OBJECTIVE The links between stroke and Alzheimer’s disease seem to be closer than expected by chance. In a previous study it was shown that up to 16% of patients admitted for stroke had pre-existing dementia. Medial temporal lobe atrophy (MTLA) is strongly associated with Alzheimer’s disease. The aim of this study was to determine the prevalence of MTLA and its relation with pre-existing dementia.
METHOD The study was conducted on 170 consecutive stroke patients (87 women; median age 75 years; 152 infarcts), who underwent non-contrast CT with temporal lobe oriented 2 mm contiguous slices at admission. A cut off point of 11.5 mm was used to differentiate patients with and without MTLA. Pre-existing dementia was assessed using the informant questionnaire on cognitive decline in the elderly (IQCODE) with a cut off score of 104.
RESULTS Ninety four patients (55.3%) had MTLA, of whom 23 (24.5%) had pre-existing dementia; of 76 patients without MTLA, only four (5.3%) had pre-existing dementia (p=0.0007). The logistic regression analysis with MTLA as dependent variable found the following independent variables: increasing age (p<0.05), and global cerebral atrophy scores (p<0.01). The IQCODE scores just reached significance (p=0.05).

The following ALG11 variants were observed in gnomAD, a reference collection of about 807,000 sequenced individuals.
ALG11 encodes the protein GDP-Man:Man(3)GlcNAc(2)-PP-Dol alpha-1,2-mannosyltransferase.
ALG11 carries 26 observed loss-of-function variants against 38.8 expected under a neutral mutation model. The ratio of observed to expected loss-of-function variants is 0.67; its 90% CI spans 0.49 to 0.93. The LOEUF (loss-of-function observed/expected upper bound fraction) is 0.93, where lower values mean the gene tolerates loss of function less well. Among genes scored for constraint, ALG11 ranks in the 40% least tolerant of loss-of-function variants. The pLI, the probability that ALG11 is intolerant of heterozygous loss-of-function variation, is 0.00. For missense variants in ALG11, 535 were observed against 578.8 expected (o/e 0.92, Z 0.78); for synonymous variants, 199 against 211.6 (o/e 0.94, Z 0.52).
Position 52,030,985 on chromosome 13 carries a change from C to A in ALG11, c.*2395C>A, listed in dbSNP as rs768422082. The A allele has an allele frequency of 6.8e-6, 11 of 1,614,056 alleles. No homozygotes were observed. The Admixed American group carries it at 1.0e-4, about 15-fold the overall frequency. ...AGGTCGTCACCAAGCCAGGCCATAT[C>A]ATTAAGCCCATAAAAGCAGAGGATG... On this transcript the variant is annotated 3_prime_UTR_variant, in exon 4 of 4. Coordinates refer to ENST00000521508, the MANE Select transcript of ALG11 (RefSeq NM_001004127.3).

CONCLUSION Stroke patients with MTLA are more likely to have pre-existing dementia; this suggests that Alzheimer’s disease might contribute to the dementia syndrome. A longitudinal follow up is now necessary to determine whether stroke patients with MTLA and without pre-existing dementia are at increased risk of Alzheimer’s disease over subsequent years.
- medial temporal lobe atrophy
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